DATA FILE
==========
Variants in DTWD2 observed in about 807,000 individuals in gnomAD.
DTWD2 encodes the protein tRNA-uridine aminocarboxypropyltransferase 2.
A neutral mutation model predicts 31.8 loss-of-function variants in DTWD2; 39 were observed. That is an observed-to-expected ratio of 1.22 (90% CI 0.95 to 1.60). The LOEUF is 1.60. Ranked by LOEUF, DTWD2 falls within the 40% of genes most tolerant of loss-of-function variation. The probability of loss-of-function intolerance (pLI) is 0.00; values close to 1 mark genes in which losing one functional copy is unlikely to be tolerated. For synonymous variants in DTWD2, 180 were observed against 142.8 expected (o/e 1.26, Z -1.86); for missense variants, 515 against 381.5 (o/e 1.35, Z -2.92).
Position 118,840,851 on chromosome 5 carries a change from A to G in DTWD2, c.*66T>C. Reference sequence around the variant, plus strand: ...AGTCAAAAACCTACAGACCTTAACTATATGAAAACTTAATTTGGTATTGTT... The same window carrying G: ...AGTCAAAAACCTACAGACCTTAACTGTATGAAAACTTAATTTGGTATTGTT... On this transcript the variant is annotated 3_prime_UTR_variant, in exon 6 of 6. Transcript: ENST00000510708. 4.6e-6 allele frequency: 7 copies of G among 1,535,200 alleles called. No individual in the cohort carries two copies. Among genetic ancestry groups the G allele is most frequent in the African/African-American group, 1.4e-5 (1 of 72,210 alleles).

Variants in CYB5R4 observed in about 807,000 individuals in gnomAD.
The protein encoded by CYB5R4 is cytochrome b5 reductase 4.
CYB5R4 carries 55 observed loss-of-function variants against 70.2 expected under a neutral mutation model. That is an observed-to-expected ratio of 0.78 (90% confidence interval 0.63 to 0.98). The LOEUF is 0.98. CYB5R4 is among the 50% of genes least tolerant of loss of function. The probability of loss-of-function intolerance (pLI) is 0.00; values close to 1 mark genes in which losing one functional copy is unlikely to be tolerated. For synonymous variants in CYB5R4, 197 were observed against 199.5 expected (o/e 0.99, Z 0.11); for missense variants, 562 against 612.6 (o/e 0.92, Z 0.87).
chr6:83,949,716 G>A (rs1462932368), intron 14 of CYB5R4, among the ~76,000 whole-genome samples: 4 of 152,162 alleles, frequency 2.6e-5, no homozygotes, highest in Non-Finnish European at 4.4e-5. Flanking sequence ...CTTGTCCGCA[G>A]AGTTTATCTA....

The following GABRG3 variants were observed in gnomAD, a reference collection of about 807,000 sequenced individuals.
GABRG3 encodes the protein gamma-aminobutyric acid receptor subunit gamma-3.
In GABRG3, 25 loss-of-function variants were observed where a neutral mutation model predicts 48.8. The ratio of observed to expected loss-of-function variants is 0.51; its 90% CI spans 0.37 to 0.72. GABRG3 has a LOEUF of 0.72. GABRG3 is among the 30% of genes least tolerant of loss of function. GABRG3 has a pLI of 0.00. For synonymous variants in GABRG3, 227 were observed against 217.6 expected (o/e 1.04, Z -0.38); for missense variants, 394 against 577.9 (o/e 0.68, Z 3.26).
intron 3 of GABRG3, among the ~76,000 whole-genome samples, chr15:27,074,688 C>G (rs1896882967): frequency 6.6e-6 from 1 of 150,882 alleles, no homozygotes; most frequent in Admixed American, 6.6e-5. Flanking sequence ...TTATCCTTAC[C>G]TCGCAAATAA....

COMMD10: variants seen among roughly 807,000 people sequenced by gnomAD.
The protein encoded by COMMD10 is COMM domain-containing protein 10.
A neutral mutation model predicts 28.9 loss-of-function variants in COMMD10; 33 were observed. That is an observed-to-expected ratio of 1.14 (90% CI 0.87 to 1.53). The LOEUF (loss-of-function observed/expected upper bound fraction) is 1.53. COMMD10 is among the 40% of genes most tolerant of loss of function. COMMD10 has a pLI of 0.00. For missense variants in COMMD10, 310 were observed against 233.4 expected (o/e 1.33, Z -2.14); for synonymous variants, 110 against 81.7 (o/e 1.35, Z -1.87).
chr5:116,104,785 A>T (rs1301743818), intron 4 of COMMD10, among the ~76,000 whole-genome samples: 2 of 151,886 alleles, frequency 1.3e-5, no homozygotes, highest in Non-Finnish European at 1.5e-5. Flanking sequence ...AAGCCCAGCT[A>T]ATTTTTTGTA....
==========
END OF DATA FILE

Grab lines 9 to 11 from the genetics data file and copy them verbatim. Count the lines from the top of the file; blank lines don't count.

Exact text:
The following GABRG3 variants were observed in gnomAD, a reference collection of about 807,000 sequenced individuals.
GABRG3 encodes the protein gamma-aminobutyric acid receptor subunit gamma-3.
In GABRG3, 25 loss-of-function variants were observed where a neutral mutation model predicts 48.8. The ratio of observed to expected loss-of-function variants is 0.51; its 90% CI spans 0.37 to 0.72. GABRG3 has a LOEUF of 0.72. GABRG3 is among the 30% of genes least tolerant of loss of function. GABRG3 has a pLI of 0.00. For synonymous variants in GABRG3, 227 were observed against 217.6 expected (o/e 1.04, Z -0.38); for missense variants, 394 against 577.9 (o/e 0.68, Z 3.26).